If you're not a fan of the transgressive comedy stylings of Adult Swim sketch artists Tim and Eric, it'd probably be best to stay as far away as possible from Tim and Eric's Billion Dollar Movie. If you are a fan, well, you might like this movie a little.
Likable yet highly delusional doofuses Tim Heidecker and Eric Wareheim (the stars of Cartoon Network's Tim and Eric Awesome Show, Great Job!) are given a billion dollars by industrialist Tommy Schlaaang (Robert Loggia, looking painfully like he's going to keel over at any second despite still having full control of that snarling voice) to make a movie. They end up delivering a short film starring a Johnny Depp impersonator (Ronnie Rodriguez) whom they mistook for the real deal and claim to have blown most of the rest of the money on their own personal Hollywood makeovers (complete with tans and perfect teeth) and on the $500,000 per week stipend given to their spiritual advisor, Jim Joe Kelly (Zach Galifianakis). An enraged Schlaaang (okay, that sounds pretty funny) demands his money back, but where in the hell are these two jackasses going to get a billion bucks?
Cut to a chance TV commercial they happen to see in a public bathroom (don't ask) featuring Damien Weebs (Will Ferrell), the owner of the flailing S'wallow Valley shopping center who claims anyone who comes to "run my mall" will make a billion dollars. Tim and Eric shed their Hollywood makeovers (or wash them off, rather), reinvent themselves as "Dobis PR" (a shortening of "Doing Business," a name inspired by the night sky itself) and set out to bring S'wallow Valley -- a condemned, run-down no man's land filled with vagrants, squatters and a rogue wolf that stalks the food court -- back to its former glory, all the while hiding out from the wrath of Schlaaang and his right hand man, Earle Swinter (William Atherton), men who are not beyond torturing Tim and Eric's elderly mothers for information on their sons' whereabouts.
This "plot" is simply the vaguest outline with which a series of increasingly incongruous situational sketches and sight gags can be built around. Admittedly, some of them are quite funny, such as when Will Ferrell insists the boys watch Top Gun on VHS two times in a row and then bursts into tears and John C. Reilly's (who plays the beyond-sickly Taquito) tussle with the wolf. Tim and Eric also deserve credit for going to rather subversive extremes; Eric's graphic penis piercing is unexpected (and pretty painful to watch), and his run-in with spiritual healer Dr. Doone Struts (Ray Wise) and his practice of a method known as "Shrim" is so disgusting that it becomes almost hypnotic. Jeff Goldblum opens the film on an amusing note as he introduces the "Schlaaang Chair," an immersive (and then some) enhancement of the movie-watching experience, and Michael Gross manages to snag the last laugh as the film's narrator.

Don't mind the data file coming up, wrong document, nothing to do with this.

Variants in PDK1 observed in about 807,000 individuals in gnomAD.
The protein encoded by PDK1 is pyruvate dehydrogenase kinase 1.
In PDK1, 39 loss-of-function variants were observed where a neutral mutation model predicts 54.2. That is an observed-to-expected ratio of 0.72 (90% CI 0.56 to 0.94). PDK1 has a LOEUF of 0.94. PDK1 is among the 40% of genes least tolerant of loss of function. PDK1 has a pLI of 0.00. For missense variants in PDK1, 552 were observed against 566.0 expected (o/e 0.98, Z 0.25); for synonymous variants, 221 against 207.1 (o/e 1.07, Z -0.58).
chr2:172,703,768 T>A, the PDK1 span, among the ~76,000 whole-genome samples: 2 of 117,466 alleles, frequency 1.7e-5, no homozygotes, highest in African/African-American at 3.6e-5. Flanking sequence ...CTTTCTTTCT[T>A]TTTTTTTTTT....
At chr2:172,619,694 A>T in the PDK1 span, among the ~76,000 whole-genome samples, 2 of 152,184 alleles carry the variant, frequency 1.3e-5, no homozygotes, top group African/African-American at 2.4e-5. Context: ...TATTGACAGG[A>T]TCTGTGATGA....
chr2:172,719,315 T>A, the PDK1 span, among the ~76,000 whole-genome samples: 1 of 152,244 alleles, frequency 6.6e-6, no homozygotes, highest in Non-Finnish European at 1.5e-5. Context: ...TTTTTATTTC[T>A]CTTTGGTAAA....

Unfortunately, the scattered good stuff is nowhere near enough material to fill an entire movie. With a plot this thin and, ultimately, more gags that fizzle than spark, the film's 93-minute running time seems twice as long. Tim and Eric's Billion Dollar Movie falls into the same trap as its spiritual successors, UHF, Kids in the Hall: Brain Candy and Tenacious D in the Pick of Destiny (and its Adult Swim brother that also made the leap to the big screen, Aqua Teen Hunger Force Colon Movie Film For Theaters), in that short-form sketch comedy is a highly dubious format to adapt as a feature-length film. With no sense of structure or narrative momentum, the constant barrage of jokey-jokes soon becomes tedious, even though there's always enough good bits to keep you watching (if only because you're wondering what famous person is going to show up -- and, in some cases, blow up -- next).
There's enjoyment to be had with Tim and Eric's Billion Dollar Movie. It just would've been more enjoyable if it had been Tim and Eric's Thousand Dollar Movie and ran only about 25 minutes.